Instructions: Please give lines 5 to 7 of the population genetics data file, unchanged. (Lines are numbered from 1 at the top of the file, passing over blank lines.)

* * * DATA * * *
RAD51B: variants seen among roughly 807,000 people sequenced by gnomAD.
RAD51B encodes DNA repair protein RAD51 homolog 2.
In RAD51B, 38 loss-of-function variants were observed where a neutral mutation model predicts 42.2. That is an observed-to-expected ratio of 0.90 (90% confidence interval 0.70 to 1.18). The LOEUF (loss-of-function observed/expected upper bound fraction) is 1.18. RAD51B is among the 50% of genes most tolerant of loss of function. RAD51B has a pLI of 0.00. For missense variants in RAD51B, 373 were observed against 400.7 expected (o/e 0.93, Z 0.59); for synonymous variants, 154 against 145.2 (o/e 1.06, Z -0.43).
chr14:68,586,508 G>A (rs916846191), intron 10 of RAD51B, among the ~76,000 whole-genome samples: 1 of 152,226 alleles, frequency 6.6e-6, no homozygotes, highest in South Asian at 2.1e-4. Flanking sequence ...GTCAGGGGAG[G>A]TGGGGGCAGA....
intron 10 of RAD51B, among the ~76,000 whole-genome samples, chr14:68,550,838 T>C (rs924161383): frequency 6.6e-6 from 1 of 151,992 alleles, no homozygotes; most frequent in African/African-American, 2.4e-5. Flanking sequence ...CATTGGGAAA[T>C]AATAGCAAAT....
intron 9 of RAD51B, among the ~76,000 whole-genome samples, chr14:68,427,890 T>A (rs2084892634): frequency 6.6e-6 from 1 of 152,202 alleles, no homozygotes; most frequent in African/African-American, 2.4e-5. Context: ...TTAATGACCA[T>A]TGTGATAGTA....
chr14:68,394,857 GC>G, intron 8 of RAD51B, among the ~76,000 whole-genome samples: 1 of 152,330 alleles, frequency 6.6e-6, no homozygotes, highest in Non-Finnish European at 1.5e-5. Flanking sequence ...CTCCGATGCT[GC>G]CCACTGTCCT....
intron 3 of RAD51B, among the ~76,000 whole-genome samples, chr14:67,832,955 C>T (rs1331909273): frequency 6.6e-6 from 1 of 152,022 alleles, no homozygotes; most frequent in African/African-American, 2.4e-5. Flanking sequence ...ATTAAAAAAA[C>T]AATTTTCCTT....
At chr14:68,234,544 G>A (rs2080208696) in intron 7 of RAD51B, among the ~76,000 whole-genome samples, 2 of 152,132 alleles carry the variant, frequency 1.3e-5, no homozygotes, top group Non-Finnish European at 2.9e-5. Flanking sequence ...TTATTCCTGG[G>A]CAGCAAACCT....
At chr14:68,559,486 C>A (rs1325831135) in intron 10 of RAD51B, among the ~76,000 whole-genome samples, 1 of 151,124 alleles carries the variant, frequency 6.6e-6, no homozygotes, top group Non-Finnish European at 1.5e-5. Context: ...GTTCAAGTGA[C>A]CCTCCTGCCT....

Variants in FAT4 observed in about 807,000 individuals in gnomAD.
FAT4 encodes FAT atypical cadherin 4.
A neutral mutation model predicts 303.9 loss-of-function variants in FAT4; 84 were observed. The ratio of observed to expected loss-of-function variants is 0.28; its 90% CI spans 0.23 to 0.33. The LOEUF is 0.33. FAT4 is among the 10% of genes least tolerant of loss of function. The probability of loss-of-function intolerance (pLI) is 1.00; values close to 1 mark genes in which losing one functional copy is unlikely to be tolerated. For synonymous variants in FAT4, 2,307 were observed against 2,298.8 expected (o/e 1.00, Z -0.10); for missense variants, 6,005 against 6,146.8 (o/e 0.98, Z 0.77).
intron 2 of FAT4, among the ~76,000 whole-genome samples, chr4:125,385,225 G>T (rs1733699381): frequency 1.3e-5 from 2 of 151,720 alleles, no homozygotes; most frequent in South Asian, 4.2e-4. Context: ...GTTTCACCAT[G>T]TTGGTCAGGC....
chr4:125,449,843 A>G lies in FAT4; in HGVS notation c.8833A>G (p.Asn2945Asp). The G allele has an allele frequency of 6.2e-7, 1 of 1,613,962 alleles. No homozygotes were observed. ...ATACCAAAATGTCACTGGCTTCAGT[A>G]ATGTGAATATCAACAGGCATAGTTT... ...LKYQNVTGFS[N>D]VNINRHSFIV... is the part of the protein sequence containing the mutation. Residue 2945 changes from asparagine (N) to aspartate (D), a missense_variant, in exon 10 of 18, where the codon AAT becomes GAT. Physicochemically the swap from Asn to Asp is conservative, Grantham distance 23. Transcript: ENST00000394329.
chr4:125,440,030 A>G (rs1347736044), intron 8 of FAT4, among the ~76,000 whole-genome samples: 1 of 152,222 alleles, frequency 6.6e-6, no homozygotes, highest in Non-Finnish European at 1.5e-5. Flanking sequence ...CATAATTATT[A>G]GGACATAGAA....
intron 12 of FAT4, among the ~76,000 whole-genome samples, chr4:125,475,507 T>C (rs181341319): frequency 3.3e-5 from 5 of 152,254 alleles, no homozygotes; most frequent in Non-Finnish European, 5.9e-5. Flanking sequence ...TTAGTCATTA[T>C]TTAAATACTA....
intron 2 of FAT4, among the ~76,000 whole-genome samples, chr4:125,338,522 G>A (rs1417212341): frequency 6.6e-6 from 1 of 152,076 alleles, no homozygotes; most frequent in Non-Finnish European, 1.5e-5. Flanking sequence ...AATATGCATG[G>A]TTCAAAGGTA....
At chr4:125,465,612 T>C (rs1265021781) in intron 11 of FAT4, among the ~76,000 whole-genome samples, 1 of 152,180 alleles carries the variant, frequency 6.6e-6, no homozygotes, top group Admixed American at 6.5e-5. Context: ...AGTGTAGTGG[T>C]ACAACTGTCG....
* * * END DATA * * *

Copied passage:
intron 10 of RAD51B, among the ~76,000 whole-genome samples, chr14:68,550,838 T>C (rs924161383): frequency 6.6e-6 from 1 of 151,992 alleles, no homozygotes; most frequent in African/African-American, 2.4e-5. Flanking sequence ...CATTGGGAAA[T>C]AATAGCAAAT....
intron 9 of RAD51B, among the ~76,000 whole-genome samples, chr14:68,427,890 T>A (rs2084892634): frequency 6.6e-6 from 1 of 152,202 alleles, no homozygotes; most frequent in African/African-American, 2.4e-5. Context: ...TTAATGACCA[T>A]TGTGATAGTA....
chr14:68,394,857 GC>G, intron 8 of RAD51B, among the ~76,000 whole-genome samples: 1 of 152,330 alleles, frequency 6.6e-6, no homozygotes, highest in Non-Finnish European at 1.5e-5. Flanking sequence ...CTCCGATGCT[GC>G]CCACTGTCCT....